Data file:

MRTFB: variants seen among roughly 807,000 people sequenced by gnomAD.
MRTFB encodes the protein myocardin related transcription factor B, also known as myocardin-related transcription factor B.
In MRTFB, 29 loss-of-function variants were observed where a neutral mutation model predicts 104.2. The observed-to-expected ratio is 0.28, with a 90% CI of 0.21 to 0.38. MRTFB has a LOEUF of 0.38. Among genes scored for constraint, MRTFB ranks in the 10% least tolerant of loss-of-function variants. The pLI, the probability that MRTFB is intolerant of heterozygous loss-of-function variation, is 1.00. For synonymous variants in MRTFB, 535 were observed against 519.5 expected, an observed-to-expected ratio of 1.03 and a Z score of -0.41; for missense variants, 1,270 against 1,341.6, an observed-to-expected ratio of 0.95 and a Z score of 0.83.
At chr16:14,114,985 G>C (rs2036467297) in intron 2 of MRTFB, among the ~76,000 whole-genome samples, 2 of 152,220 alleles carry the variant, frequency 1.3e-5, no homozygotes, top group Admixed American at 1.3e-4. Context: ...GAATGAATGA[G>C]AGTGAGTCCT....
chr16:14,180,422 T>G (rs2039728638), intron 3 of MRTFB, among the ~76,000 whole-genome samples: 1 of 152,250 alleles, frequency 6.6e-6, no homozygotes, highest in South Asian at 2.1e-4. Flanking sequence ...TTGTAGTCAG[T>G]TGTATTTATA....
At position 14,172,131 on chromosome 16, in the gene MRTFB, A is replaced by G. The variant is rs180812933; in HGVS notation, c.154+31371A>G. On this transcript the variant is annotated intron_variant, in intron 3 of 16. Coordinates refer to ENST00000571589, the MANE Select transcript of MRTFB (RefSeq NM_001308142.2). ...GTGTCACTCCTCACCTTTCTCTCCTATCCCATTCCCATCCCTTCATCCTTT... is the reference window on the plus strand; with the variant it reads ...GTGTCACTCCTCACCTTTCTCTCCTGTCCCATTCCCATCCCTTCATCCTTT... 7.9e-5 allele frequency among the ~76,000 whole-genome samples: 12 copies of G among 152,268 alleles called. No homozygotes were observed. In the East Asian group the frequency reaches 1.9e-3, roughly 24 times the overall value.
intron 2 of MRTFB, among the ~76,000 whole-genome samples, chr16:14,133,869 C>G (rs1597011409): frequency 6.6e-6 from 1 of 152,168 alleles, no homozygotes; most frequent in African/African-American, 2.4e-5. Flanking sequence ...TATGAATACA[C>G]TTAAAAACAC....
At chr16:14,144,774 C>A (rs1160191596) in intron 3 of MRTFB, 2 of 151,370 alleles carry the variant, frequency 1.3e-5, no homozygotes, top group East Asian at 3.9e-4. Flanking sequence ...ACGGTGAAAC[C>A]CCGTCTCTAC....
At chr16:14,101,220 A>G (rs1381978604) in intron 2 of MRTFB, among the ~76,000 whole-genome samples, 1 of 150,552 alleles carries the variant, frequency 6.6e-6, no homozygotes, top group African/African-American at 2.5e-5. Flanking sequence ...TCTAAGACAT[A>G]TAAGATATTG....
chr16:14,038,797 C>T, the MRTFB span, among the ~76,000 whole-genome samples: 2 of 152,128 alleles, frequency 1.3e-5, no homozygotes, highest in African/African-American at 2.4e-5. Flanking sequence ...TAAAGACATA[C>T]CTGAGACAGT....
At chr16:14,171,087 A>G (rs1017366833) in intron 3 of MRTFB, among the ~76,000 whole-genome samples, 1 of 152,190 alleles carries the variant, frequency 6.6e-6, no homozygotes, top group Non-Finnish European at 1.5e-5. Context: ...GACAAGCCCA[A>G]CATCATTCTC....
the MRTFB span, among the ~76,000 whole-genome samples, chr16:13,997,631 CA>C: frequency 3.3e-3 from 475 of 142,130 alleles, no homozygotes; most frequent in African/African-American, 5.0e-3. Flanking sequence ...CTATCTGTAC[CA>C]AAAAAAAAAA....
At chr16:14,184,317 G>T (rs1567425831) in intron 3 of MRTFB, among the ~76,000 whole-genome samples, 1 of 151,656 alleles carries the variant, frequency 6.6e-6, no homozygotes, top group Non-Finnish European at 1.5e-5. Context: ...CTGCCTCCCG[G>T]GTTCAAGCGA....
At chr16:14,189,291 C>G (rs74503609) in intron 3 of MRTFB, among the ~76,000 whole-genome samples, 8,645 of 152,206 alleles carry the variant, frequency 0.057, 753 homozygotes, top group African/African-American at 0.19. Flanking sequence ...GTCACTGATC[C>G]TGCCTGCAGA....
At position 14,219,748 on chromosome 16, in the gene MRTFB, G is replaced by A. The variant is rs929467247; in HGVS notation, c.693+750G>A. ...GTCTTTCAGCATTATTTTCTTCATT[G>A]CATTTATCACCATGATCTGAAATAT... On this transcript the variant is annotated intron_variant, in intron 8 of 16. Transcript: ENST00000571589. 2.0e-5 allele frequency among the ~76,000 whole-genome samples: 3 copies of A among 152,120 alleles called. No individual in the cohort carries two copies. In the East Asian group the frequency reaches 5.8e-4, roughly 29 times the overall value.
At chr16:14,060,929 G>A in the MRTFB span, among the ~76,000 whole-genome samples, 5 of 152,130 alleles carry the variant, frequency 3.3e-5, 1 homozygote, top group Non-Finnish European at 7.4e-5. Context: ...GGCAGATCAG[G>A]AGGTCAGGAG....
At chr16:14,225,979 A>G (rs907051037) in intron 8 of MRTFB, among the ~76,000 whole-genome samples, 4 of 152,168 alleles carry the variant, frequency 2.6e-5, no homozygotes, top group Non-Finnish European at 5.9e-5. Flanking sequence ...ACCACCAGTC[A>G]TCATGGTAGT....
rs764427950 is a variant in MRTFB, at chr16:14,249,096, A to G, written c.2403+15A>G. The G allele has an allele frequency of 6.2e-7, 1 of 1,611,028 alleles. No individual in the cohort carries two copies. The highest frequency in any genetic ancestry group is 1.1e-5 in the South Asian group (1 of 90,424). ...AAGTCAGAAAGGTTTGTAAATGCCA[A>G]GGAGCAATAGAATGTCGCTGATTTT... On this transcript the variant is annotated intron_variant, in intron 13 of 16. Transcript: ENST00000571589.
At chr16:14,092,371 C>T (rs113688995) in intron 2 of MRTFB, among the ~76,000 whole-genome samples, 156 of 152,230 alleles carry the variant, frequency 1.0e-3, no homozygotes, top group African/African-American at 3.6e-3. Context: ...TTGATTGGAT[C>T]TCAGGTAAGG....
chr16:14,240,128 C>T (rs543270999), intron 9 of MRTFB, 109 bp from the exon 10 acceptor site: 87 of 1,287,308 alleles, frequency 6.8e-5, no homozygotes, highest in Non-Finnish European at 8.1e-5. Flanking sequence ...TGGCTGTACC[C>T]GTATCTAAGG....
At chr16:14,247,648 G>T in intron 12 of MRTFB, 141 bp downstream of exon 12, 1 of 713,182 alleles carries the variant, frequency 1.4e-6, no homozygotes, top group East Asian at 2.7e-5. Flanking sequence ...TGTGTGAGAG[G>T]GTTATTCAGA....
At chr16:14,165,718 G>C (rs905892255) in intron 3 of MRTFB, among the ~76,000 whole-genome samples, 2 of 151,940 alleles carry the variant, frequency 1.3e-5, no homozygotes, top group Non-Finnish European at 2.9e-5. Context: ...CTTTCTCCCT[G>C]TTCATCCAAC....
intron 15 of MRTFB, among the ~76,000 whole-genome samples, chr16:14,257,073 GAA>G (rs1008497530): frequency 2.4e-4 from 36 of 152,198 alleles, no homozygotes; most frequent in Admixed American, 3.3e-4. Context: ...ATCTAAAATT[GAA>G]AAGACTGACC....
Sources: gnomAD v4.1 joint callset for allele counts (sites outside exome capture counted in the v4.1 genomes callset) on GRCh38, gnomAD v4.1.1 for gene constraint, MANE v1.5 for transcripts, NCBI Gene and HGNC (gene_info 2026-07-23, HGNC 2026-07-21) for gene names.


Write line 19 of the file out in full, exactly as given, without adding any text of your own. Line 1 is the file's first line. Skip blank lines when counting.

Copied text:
At chr16:14,092,371 C>T (rs113688995) in intron 2 of MRTFB, among the ~76,000 whole-genome samples, 156 of 152,230 alleles carry the variant, frequency 1.0e-3, no homozygotes, top group African/African-American at 3.6e-3. Context: ...TTGATTGGAT[C>T]TCAGGTAAGG....